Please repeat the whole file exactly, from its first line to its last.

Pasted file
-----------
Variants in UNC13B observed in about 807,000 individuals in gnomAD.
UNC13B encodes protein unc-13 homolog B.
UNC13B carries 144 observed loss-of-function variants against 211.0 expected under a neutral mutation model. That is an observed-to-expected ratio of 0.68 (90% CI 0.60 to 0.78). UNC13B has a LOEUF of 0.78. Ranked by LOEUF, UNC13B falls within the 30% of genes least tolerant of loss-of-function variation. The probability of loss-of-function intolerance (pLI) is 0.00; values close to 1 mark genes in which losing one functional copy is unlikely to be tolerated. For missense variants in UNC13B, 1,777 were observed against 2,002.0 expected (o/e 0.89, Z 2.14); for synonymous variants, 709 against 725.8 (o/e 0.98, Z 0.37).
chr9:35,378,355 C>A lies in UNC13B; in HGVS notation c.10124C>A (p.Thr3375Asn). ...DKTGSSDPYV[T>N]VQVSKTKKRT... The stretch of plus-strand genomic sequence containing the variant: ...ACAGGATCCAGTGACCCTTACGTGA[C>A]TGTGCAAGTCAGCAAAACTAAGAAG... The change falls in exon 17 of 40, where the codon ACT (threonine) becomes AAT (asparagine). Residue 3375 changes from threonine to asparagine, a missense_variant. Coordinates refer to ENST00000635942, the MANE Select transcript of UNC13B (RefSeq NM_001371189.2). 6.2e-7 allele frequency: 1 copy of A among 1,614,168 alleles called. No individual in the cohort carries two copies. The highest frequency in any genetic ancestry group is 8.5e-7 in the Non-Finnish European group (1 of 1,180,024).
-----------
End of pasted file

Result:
Variants in UNC13B observed in about 807,000 individuals in gnomAD.
UNC13B encodes protein unc-13 homolog B.
UNC13B carries 144 observed loss-of-function variants against 211.0 expected under a neutral mutation model. That is an observed-to-expected ratio of 0.68 (90% CI 0.60 to 0.78). UNC13B has a LOEUF of 0.78. Ranked by LOEUF, UNC13B falls within the 30% of genes least tolerant of loss-of-function variation. The probability of loss-of-function intolerance (pLI) is 0.00; values close to 1 mark genes in which losing one functional copy is unlikely to be tolerated. For missense variants in UNC13B, 1,777 were observed against 2,002.0 expected (o/e 0.89, Z 2.14); for synonymous variants, 709 against 725.8 (o/e 0.98, Z 0.37).
chr9:35,378,355 C>A lies in UNC13B; in HGVS notation c.10124C>A (p.Thr3375Asn). ...DKTGSSDPYV[T>N]VQVSKTKKRT... The stretch of plus-strand genomic sequence containing the variant: ...ACAGGATCCAGTGACCCTTACGTGA[C>A]TGTGCAAGTCAGCAAAACTAAGAAG... The change falls in exon 17 of 40, where the codon ACT (threonine) becomes AAT (asparagine). Residue 3375 changes from threonine to asparagine, a missense_variant. Coordinates refer to ENST00000635942, the MANE Select transcript of UNC13B (RefSeq NM_001371189.2). 6.2e-7 allele frequency: 1 copy of A among 1,614,168 alleles called. No individual in the cohort carries two copies. The highest frequency in any genetic ancestry group is 8.5e-7 in the Non-Finnish European group (1 of 1,180,024).